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Prosecutor calls for journalist to be fined for logging onto intranet of political party

The 'hackers' in Sweden's most recent 'Watergate', which saw several Liberal Party activists, and a journalist, unlawfully log onto the intranet of the country's governing party in the run-up to last year's election, went on trial this week:

At the end of the trial, the public prosecutor called for two of its central figures - Liberal Party press officer Niki Westerberg and Per Jodenius, former press secretary for the party's youth wing (LUF) - to be given suspended sentences. Comparing their actions to industrial espionage, the prosecutor said that it was particularly grave in the lead up to a general election and represented a threat to the entire democratic system... The actions of each of the three other defendants - Niklas Svensson, LUF's regional chairman Nicklas Lagerlöf, and young Social Democrat Niklas Sörman - were not considered as serious. The prosecutor has called for each of them to be fined... "My source told me that I had been given the details to dig up scandals, or news, about the Social Democrats," said Niklas Svensson (via The Local).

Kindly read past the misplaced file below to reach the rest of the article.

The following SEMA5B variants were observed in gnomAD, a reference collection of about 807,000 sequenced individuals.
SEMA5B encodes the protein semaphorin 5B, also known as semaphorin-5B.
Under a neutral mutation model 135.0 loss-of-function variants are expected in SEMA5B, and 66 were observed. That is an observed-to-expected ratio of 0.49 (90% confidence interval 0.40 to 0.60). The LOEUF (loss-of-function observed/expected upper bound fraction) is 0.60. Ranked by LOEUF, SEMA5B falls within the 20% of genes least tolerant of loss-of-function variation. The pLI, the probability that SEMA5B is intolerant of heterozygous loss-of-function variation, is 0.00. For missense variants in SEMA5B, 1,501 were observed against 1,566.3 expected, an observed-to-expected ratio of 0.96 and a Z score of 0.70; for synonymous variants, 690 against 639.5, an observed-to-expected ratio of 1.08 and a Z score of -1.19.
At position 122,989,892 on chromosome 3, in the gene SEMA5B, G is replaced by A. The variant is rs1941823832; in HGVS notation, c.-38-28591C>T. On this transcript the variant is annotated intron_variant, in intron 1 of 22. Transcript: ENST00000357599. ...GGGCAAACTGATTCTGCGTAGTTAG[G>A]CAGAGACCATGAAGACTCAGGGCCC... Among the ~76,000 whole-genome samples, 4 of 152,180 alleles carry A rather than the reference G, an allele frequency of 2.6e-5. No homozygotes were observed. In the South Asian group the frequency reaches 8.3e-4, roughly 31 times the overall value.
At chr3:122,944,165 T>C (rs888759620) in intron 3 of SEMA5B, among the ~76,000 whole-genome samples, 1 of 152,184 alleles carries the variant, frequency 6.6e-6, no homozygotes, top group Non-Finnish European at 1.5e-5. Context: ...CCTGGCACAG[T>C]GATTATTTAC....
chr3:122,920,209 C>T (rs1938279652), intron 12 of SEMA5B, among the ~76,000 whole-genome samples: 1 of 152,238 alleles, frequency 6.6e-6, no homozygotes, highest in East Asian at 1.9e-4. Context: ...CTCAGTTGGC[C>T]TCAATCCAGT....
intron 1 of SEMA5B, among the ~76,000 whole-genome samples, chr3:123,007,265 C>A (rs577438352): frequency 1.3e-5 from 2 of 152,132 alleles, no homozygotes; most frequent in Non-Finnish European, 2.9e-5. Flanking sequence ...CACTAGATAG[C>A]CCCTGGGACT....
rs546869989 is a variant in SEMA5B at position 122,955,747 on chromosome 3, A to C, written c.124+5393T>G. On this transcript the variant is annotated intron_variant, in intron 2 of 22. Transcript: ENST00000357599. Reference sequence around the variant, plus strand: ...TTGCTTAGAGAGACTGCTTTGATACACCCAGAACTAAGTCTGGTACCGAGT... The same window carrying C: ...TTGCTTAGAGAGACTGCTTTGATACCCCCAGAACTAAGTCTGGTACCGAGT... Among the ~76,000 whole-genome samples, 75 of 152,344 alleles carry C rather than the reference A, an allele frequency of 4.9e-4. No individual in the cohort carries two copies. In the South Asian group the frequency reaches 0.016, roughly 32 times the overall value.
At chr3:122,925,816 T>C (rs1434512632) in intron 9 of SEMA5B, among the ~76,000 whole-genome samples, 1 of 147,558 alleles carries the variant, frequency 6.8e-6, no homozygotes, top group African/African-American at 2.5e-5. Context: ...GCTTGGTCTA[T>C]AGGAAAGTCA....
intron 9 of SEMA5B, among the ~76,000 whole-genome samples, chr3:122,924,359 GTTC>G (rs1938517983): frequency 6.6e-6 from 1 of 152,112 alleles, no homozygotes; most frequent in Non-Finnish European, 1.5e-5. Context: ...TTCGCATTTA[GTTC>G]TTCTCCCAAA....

He added that he never used any information from the Social Democrat's intranet for a story, and, in general, never took instructions from his sources. Since the scandal Svensson has reinvented himself as a blogger-commentator-journalist, and he and fellow blogger Daniel Alsén blogged about the trial on Politikerbloggen (in Swedish).

The court is expected to announce its verdict on 27 April.


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